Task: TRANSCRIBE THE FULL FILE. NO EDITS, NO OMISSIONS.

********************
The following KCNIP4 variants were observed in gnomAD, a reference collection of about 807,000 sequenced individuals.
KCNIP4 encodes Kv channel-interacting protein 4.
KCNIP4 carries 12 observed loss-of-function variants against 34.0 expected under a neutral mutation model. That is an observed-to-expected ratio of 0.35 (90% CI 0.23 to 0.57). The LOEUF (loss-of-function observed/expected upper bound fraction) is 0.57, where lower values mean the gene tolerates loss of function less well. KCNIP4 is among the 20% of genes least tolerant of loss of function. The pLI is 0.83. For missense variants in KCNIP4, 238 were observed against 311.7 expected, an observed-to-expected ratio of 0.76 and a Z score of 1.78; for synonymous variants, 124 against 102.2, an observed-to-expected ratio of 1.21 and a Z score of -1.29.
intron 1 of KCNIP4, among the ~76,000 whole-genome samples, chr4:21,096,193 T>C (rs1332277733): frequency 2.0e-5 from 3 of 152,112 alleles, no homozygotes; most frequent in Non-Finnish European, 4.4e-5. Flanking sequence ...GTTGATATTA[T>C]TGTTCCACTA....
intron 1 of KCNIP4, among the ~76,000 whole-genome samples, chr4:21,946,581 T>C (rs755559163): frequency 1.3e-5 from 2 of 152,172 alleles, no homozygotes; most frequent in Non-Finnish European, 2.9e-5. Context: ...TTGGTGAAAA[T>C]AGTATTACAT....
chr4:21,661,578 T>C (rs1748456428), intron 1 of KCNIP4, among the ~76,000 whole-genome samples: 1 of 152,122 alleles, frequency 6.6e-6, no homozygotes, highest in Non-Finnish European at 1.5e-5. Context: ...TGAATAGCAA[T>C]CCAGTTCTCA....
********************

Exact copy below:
The following KCNIP4 variants were observed in gnomAD, a reference collection of about 807,000 sequenced individuals.
KCNIP4 encodes Kv channel-interacting protein 4.
KCNIP4 carries 12 observed loss-of-function variants against 34.0 expected under a neutral mutation model. That is an observed-to-expected ratio of 0.35 (90% CI 0.23 to 0.57). The LOEUF (loss-of-function observed/expected upper bound fraction) is 0.57, where lower values mean the gene tolerates loss of function less well. KCNIP4 is among the 20% of genes least tolerant of loss of function. The pLI is 0.83. For missense variants in KCNIP4, 238 were observed against 311.7 expected, an observed-to-expected ratio of 0.76 and a Z score of 1.78; for synonymous variants, 124 against 102.2, an observed-to-expected ratio of 1.21 and a Z score of -1.29.
intron 1 of KCNIP4, among the ~76,000 whole-genome samples, chr4:21,096,193 T>C (rs1332277733): frequency 2.0e-5 from 3 of 152,112 alleles, no homozygotes; most frequent in Non-Finnish European, 4.4e-5. Flanking sequence ...GTTGATATTA[T>C]TGTTCCACTA....
intron 1 of KCNIP4, among the ~76,000 whole-genome samples, chr4:21,946,581 T>C (rs755559163): frequency 1.3e-5 from 2 of 152,172 alleles, no homozygotes; most frequent in Non-Finnish European, 2.9e-5. Context: ...TTGGTGAAAA[T>C]AGTATTACAT....
chr4:21,661,578 T>C (rs1748456428), intron 1 of KCNIP4, among the ~76,000 whole-genome samples: 1 of 152,122 alleles, frequency 6.6e-6, no homozygotes, highest in Non-Finnish European at 1.5e-5. Context: ...TGAATAGCAA[T>C]CCAGTTCTCA....